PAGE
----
Whole Wheat Popovers

I’ve never made a perfect popover until I tried “The Joy of Cooking” version. Popovers can be tricky and all the conditions to make them must be exact: the consistency of the batter has to be not thicker than whipping cream, the temperature of the ingredients should be at room temperature and the oven very hot with all the heat coming from the bottom. I also floured the buttered tins to ease the removal of the popovers. The classic popover is made from white flour but I prefer the taste and health benefits from this whole wheat version. You can also add chopped herbs like parsley and thyme or spices of your choice for extra flavor. The English version of the popover (and probably its origin) is the Yorkshire Pudding, which isn’t a pudding as Americans would imagine but a similar recipe using hot beef roast drippings in the bottom of the tin. Continue reading

Nutty Chocolate Beet Cupcakes

You can’t beat these nutty chocolate beet cupcakes in healthiness with any other chocolate dessert that I can think of. You’re practically having your vegetable and dessert at the same time! And the rich chocolate flavor doesn’t reveal the “mystery” ingredient at all – the beets actually seem to enhance it making the cupcake moister without hardly any fat at all – only a couple of tablespoons of coconut oil and a minimum of natural coconut sugar. And the omega 3 rich nuts make a perfect topping. Continue reading

Aquafaba Popovers

These aquafaba popovers actually didn’t turn out as regular popovers in that they came out flat and didn’t rise up to my expectations. I’m posting them here anyway until I find the a.f. recipe that works – if there ever is one! Even though they didn’t puff up they were still delicious – delicately crunchy on the outside and soft on the inside. Great with maple syrup – the texture and taste almost like a miniature waffle. Continue reading

Pistachio Vegan Cupcakes

I made these wonderful little pistachio vegan cupcakes thanks to a vegan pastry course I took at the “Kilometro Bio” vegan restaurant in Monza. Here we learned all sorts of tips on how to substitute egg whites with aquafaba, how to make vegan butter for pastry crusts (crostata) and a wealth of other information on vegan baking. These cupcakes with their rich pistachio flavor also have an interesting souffle like texture which really makes them melt in your mouth. Using these white silicone teacups also made it much easier to bake and serve them. Continue reading

English Sourdough Muffins

Actually these English Sourdough Muffins are only English in name – they are as American as apple pie! There could be a vague resemblance to the English Crumpets which are similar in appearance, but baked in special rings only on one side. Anyway whatever their origins they are a scrumptious treat baked right on top of your stove in a skillet! The same dough can also be baked in the oven with a few cherry tomatoes sliced on top with a dab of olive oil – all of a sudden we have mini pizzas! (or as the Italians call them – pizzette) Continue reading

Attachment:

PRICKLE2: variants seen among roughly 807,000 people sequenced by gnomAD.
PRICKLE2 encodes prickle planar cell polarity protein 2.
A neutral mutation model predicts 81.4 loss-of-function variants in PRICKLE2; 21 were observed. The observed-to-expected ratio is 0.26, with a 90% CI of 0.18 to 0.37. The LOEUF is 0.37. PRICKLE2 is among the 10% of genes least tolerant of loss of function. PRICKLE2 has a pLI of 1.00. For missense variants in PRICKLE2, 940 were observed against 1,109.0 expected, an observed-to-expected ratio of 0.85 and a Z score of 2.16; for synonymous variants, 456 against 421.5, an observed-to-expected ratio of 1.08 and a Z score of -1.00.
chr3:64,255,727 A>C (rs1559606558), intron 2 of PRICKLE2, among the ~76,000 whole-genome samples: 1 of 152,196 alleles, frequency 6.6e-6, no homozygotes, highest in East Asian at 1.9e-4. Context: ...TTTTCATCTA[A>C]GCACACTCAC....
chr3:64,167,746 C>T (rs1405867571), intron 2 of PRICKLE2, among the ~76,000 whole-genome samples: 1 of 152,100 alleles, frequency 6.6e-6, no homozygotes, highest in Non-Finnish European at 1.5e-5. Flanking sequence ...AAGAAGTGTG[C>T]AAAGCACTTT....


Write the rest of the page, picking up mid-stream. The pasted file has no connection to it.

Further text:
Tearose Deli

I love cooking and baking but now and then I need a break! Just a few steps away from my home in Monza there is the lovely Tearose Deli right in Piazza del Duomo facing the beautiful cathedral. Not just a cafe’ but also a place where you can enjoy a light vegetarian (or more appropriately vegan) meal – everything freshly made including the bakery goods. The fresh flowers and garden atmosphere makes this cafe’ a perfect stop in a busy day. Continue reading

Controversial Cream Scones

While visiting beautiful Cambridge, barely an hour by train from London, I discovered the interesting Michaelhouse Cafe’ and its delicious cream scones with clotted cream and strawberry jam. The cafe’ was situated in an ancient crypt of a former parish church established in the 1300’s serving also as a chapel for three colleges with the original chapel in full view. Their motto in Latin “Panem angelorum manducavit homo” (meaning “Man hath eaten the bread of angels”) was appropriate to say the least. These scones were truly “heavenly” ! I also discovered an ancient controversy: should the clotted cream be spread first and then the jam as in Devon or first the jam and then the cream in the Cornish version? Well, I tried both and didn’t notice much difference – both were scrumptious! Clotted cream isn’t easy to find outside of England. It’s really worth trying though so I will be posting a recipe soon. It’s actually quite easy to make and I discovered it’s lighter than butter and could be used as a delicious substitute for that. Continue reading